(5) A statement that the complaining party believes in good faith that the use of the material is not authorized by the copyright owner, the owner’s agent, or the Copyright Act.

(6) A statement that the information provided by the complaining party in the notice is accurate and, under penalty of perjury, that the complaining party is authorized to act on behalf of the copyright owner of one or more of the exclusive copyright rights.

4. Alleged Infringing Site Take Down Procedures

When properly notified of the potential copyright infringement, the Designated Agent will make a reasonable effort to contact the site or page owner of the materials in question. There will be an attempt to secure the voluntary take down of the work, but, if not, then the HECN will immediately disable access to the work unless it is immediately determined that the work is lawful under the copyright law. The owner of the site or page of the alleged infringing material may exercise their counter notice procedure rights set forth below.

5. Counter Notice Procedures

After voluntary take down or if the site is involuntarily disabled, the University can proceed to counter notification on its behalf or on behalf of its employees or students or the owner of the site may provide counter notification to the Designated Agent. Counter notices can claim only that either the copyright owner is mistaken and that the work is lawfully posted or that the work has been misidentified. A site owner may also assert that use of another’s work is fair use, which falls under the provision that the copyright owner is mistaken in characterizing the work as infringing. Various university officials may be consulted in arriving at a fair use determination.Counter notices to the Designated Agent must contain the following:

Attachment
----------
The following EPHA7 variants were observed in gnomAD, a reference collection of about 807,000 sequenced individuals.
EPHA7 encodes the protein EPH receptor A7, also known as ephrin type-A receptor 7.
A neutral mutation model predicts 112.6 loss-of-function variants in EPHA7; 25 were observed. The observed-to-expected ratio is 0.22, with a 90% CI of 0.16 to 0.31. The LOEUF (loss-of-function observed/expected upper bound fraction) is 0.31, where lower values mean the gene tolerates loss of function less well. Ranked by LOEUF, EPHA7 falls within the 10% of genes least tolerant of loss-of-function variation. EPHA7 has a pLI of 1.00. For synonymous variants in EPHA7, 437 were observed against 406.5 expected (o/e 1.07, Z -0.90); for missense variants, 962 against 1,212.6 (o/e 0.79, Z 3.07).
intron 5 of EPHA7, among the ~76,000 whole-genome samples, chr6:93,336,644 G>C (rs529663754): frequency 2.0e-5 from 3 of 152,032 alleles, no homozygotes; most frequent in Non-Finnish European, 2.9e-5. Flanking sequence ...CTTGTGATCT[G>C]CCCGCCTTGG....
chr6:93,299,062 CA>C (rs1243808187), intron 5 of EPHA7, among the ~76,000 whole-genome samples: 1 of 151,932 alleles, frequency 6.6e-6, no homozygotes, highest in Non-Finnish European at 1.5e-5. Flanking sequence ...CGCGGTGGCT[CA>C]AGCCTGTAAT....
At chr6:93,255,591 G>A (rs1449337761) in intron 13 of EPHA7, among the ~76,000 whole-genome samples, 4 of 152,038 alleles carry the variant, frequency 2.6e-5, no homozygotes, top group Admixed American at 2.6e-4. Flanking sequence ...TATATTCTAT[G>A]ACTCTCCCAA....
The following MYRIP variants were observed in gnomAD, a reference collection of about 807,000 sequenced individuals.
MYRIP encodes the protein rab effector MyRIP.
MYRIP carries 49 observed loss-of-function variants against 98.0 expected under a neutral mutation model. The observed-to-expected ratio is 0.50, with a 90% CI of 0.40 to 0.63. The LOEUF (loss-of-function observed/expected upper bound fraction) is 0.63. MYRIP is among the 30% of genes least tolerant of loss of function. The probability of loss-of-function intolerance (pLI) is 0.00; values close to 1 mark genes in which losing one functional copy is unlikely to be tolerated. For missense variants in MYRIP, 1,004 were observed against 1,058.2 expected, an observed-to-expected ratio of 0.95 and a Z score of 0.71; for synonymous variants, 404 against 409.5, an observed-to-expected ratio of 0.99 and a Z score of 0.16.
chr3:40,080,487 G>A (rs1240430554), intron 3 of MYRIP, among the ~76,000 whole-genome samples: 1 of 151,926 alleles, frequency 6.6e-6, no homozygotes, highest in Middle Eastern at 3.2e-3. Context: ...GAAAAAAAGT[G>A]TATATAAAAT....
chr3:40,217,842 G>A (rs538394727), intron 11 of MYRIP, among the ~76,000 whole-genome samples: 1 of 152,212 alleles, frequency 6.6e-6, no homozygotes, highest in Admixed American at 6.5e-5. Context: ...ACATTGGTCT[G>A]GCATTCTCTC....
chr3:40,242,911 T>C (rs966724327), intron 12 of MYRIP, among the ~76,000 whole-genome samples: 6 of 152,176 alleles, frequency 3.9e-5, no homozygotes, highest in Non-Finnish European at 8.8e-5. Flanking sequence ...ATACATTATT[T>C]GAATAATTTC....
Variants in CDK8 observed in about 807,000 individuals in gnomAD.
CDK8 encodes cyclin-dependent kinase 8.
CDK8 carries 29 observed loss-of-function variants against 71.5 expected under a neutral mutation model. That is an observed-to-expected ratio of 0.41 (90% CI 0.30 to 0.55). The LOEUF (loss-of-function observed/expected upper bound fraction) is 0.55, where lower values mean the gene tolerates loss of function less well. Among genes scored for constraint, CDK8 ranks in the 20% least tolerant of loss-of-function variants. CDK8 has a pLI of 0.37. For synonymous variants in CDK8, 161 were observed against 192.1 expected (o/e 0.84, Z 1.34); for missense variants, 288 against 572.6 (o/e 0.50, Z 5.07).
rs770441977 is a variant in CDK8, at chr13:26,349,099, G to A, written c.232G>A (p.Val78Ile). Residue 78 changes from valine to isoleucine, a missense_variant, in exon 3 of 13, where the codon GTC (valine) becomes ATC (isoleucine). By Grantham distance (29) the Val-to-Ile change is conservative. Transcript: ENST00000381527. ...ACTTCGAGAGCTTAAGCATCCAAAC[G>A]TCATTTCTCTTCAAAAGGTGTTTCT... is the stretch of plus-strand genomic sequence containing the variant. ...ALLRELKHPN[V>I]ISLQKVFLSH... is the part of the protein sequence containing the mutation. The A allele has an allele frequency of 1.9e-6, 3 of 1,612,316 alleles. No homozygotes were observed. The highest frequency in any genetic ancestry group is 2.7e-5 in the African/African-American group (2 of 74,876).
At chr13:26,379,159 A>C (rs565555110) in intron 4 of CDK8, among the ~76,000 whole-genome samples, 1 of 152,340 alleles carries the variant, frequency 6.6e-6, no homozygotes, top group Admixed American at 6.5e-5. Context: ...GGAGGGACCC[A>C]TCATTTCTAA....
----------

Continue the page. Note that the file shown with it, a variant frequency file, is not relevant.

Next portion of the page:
(1) A physical or digital signature of the site or page owner.

(2) A description of the materials removed and its location before it was removed.

(3) A statement that the owner believes in good faith that the material was removed by mistake or that the work is not infringing or that it was misidentified.

(4) The owner’s name, address and phone number and his or her consent to jurisdiction of the federal district court with proper jurisdiction for any court actions arising from the infringement.

(5) A statement that the owner will accept service of process from the complaining party.

Access to the materials in question will be restored within 10 to 14 business days after the date the Designated Agent receives the counter notice unless the Designated Agent first receives a notice from the complaining party that he or she has filed an action seeking a court order to restrain the page owner.

The Designated Agent will promptly send a copy of any substantially conforming counter notice to the complaining party indicating that the site will be restored in the 10 to 14 business days unless the Designated Agent receives a notice of court action.

6. Reservation of Rights

By adopting this policy and taking advantage of the liability protection provisions of the DMCA, the HECN, the NDUS or its member institutions, or the State of North Dakota do not waive any sovereign immunity or immunity under the Eleventh Amendment to the United States Constitution.